Homeopathic treatment relies on the administration of substances that can produce symptoms similar to those of the disease being treated. The idea is to provide the substances in small enough amounts to be harmless, yet enough to encourage the body to develop a curative response to the disease. The substances most often come from plants, but may also be extracted from animals and minerals. The substance is diluted and made more potent, after which it’s usually put into pellet or liquid form. Administered properly, homeopathic treatment can help a wide variety of ailments, including skin allergies, chronic infections, pain and weakness, behavior issues, and many other diseases.

Herbal Medicine and Nutraceuticals

Plants provide a wide variety of remedies for a range of ailments. Many modern drugs, such as aspirin, are derived from plants, but these drugs go through chemical processing that is thought by some to diminish the plant’s original healing power. Chinese herbal formulas are often prescribed in conjunction with specific acupuncture therapies to work synergistically to heal your pet. Your veterinarian may prescribe a variety of Chinese or Western herbs that work together to treat your pet’s problem(s). Herbal remedies may be appropriate if your pet has digestive problems, kidney or chronic bladder infections and incontinence, parasites, skin problems, or injuries to bone or tissue.
Nutraceuticals are nutritional supplements derived from plants or animals. They can be used to help pets with a wide variety of illness and diseases, such as joint, respiratory, or digestive problems, for instance, or to promote the well-being of healthy pets. Many of these supplements are available over the counter, but it is best to rely on the experience of your holistic veterinarian to provide you with the safest and most effective recommendations.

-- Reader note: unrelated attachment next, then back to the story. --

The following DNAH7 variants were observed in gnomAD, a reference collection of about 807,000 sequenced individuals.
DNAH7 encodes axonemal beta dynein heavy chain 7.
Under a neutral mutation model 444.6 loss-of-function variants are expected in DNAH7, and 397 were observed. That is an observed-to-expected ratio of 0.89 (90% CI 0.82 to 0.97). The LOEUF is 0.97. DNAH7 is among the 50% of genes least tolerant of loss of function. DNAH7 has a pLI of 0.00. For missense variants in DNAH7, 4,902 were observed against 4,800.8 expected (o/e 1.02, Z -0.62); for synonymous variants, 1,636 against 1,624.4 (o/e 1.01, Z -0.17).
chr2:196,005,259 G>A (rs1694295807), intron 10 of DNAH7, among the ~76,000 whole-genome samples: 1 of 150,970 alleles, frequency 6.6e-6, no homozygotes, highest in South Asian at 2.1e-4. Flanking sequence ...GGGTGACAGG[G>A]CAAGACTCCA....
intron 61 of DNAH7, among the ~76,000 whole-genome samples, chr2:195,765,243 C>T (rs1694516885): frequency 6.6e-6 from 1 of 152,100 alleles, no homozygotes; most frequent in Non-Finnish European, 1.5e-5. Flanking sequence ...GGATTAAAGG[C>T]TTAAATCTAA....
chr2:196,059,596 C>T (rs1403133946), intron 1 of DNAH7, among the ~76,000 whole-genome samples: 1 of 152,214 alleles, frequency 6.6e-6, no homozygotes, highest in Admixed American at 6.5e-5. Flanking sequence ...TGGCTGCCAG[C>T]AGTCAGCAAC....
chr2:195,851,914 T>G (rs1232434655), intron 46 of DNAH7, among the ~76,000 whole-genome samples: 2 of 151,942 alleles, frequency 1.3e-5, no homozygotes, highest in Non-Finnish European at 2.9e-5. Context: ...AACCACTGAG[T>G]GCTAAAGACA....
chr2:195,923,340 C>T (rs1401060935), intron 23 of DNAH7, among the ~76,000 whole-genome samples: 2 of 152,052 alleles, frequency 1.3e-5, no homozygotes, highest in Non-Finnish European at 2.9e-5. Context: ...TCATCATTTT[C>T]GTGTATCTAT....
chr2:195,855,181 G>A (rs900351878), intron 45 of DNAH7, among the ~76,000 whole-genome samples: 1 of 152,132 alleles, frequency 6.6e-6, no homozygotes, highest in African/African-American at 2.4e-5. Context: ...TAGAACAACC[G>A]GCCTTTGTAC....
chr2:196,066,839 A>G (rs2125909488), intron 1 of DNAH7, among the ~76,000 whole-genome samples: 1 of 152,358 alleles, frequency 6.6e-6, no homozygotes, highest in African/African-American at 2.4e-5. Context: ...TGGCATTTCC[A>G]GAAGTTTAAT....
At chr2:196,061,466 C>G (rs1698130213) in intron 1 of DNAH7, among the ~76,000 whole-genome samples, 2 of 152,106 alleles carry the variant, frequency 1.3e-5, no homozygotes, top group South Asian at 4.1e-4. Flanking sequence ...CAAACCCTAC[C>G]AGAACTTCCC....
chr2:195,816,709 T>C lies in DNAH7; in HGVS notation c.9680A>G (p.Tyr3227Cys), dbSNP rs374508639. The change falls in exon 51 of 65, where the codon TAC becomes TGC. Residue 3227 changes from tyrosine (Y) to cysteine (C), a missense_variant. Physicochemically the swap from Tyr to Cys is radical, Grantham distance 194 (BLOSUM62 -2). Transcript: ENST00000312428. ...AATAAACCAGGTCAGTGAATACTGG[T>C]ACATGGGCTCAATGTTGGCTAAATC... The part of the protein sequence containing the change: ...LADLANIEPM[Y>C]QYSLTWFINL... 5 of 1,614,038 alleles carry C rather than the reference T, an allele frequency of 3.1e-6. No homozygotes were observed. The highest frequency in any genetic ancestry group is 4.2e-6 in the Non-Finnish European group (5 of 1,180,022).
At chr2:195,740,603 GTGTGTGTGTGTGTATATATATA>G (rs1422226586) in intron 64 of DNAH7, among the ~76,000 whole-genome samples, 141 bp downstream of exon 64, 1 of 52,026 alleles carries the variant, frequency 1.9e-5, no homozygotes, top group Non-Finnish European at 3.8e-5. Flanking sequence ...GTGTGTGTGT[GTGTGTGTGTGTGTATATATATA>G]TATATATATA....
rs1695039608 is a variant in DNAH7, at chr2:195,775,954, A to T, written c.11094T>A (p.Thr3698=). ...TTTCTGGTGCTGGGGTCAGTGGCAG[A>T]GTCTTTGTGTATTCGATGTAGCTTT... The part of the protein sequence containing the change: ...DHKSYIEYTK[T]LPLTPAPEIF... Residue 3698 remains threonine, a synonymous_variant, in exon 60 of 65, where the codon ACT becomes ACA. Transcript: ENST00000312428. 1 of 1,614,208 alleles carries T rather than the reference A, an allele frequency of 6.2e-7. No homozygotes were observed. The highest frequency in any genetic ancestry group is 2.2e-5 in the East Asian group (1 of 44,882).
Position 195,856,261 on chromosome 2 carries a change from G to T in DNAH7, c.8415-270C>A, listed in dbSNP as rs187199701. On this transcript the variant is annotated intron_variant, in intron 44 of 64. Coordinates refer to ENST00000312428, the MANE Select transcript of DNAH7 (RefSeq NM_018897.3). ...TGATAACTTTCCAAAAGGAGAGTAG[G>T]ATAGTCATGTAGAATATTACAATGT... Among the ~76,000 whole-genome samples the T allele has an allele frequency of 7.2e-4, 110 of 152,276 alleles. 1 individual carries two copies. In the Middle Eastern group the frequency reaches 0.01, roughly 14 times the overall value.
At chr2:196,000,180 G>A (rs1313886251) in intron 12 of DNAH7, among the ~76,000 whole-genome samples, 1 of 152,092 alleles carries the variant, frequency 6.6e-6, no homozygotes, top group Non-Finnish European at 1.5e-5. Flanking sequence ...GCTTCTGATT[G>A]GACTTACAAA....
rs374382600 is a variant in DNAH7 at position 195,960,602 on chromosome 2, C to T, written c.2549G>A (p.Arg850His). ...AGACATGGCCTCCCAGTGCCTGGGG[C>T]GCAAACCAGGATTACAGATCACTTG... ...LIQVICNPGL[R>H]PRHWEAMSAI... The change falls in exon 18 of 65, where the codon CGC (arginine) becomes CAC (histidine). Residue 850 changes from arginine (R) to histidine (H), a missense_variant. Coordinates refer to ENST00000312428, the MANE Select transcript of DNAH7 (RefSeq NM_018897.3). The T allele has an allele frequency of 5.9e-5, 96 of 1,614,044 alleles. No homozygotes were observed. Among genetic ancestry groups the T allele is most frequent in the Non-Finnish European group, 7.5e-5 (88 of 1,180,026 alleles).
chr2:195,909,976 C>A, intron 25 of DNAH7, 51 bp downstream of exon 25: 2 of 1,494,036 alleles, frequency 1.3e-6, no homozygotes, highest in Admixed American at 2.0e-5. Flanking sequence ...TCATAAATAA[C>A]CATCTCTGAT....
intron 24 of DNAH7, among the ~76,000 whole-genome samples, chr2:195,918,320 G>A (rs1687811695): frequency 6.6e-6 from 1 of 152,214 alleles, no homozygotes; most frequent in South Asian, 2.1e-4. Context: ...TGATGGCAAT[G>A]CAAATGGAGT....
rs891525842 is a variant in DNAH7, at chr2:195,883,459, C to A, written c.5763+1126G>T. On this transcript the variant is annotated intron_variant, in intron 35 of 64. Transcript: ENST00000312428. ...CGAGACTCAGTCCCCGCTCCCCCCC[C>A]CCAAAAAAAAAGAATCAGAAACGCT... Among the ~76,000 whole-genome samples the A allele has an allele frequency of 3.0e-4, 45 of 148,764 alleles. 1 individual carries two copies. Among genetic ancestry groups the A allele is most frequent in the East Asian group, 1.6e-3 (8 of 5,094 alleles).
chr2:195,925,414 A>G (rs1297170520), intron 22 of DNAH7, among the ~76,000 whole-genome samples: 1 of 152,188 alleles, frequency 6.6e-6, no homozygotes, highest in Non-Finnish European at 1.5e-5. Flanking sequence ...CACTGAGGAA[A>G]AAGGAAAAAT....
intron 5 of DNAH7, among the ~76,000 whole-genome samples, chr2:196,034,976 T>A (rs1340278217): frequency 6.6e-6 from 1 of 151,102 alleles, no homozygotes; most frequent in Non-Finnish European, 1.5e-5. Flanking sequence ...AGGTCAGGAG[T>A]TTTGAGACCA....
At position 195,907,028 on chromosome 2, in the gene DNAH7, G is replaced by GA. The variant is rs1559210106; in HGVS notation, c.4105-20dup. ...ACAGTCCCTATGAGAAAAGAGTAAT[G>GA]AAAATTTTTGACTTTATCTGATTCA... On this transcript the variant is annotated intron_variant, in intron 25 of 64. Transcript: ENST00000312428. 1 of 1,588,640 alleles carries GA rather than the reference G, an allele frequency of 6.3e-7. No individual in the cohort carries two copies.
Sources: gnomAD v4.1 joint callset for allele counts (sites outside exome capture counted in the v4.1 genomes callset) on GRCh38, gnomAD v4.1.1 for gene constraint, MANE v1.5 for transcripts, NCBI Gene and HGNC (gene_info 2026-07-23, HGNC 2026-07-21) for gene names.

Diet and Lifestyle

Integrative veterinarians understand that true health and well-being start at home. Many dogs will benefit from an improved diet, and it’s important to make sure you are feeding your dog high-quality foods that are balanced. In some cases the best health option for your dog is to make his or her own food yourself; however, we are fortunate to be living during a time where many “holistic” brand dog foods are available. Many of these labels are misleading, but an experienced integrative veterinarian can help direct you to the healthiest diet for your dog.

This type of medicine takes many years of additional training in addition to being a licensed veterinarian. Make sure your holistic veterinarian has received extensive training and certification in the modalities you are seeking for your dog’s care. A good resource to find a local holistic veterinarian is the American Holistic Veterinary Medicine website VetFinder:

Jenny Taylor, D.V.M., graduated from UC Davis Veterinary School in 1995 and later trained in acupuncture, herbal therapies, and homeopathy. She has been practicing integrative veterinary medicine for 18 years. Taylor opened Creature Comfort Holistic Veterinary Center in Oakland, where the doctors offer a unique balance of holistic and traditional veterinary medicine in one location, 15 years ago.